In general, never use store-bought wipes on dishes or anything that will go near your mouth, since the chemicals in these products can be harmful when ingested. In the same vein, keep them away from your eyes, and wash your hands well after using them to avoid accidentally rubbing your eyes with chemical residue. [2]

These homemade all-purpose wipes require only four ingredients to clean hard surfaces with a simple wipe-down. Rubbing alcohol makes a great disinfectant, [3] although it’s not as powerful as hospital-grade varieties. Alcohol is also useful for cleaning blinds, dry-erase boards, makeup brushes, computer mouses and keyboards, mobile phones, removing stickers, and cleaning stainless steel.  

These wipes make a nice addition to a cleaning routine during this time of anti-germ-hysteria. Plus, the smell of your preferred essential oil can help calm those stressed during this outbreak. Do your part to stay protected from the virus, and then distract yourself with activities you enjoy! 

How to Make All-Purpose Wipes 

  • Mix together:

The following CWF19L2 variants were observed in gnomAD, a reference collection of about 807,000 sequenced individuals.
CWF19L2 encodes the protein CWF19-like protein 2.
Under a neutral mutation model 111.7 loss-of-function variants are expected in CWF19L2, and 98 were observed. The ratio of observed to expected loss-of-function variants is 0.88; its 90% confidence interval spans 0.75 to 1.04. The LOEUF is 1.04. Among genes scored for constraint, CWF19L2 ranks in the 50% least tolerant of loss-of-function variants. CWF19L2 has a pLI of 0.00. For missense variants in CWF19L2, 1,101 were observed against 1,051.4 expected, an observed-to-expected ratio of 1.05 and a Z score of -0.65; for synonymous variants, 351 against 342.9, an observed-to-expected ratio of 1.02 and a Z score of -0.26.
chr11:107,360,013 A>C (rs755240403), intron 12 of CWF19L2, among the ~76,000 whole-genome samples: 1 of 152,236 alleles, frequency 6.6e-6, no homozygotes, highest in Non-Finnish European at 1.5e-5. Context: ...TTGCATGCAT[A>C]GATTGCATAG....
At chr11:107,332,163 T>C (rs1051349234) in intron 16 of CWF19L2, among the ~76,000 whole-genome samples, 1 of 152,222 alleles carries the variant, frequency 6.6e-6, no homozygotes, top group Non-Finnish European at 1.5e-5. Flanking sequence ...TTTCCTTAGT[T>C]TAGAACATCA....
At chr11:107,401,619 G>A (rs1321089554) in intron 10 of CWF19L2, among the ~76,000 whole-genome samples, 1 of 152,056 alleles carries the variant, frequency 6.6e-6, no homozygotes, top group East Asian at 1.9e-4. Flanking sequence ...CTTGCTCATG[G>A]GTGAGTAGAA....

• 1 cups warm water 
    • 1 tablespoon of liquid soap 
    • 2 cup of 90% isopropyl alcohol*
    • 10-15 drops essential oils (optional) – Rosemary, lavender, lemon, or peppermint work great, but most will work well. 
  1. Place the paper towel roll in a container that just fits it, like a large glass cylinder container that was intended for food storage.) You want a fairly tight container without much space around the paper towels, so they will absorb the liquid. 
  2. Pour the soap and alcohol mixture over the paper towels. 
  3. Pull the cardboard tube out—it should come out easily.   
  4. Now you can remove one paper towel at a time, starting from the center. [4]

*Note: 90% isopropyl alcohol is recommended because any sanitizing solution should consist of at least 60% alcohol to be effective against germs.

Recipe inspired by A Mindful Mom


  • If you can’t find a glass container large enough to fit an entire roll of paper towels, tear the roll into individual squares, roll them up and place them in a two-quart glass ball jar, or lay them flat in a square plastic container. You can even clean out an empty Clorox wipes container or baby wipes container and use that for your homemade version.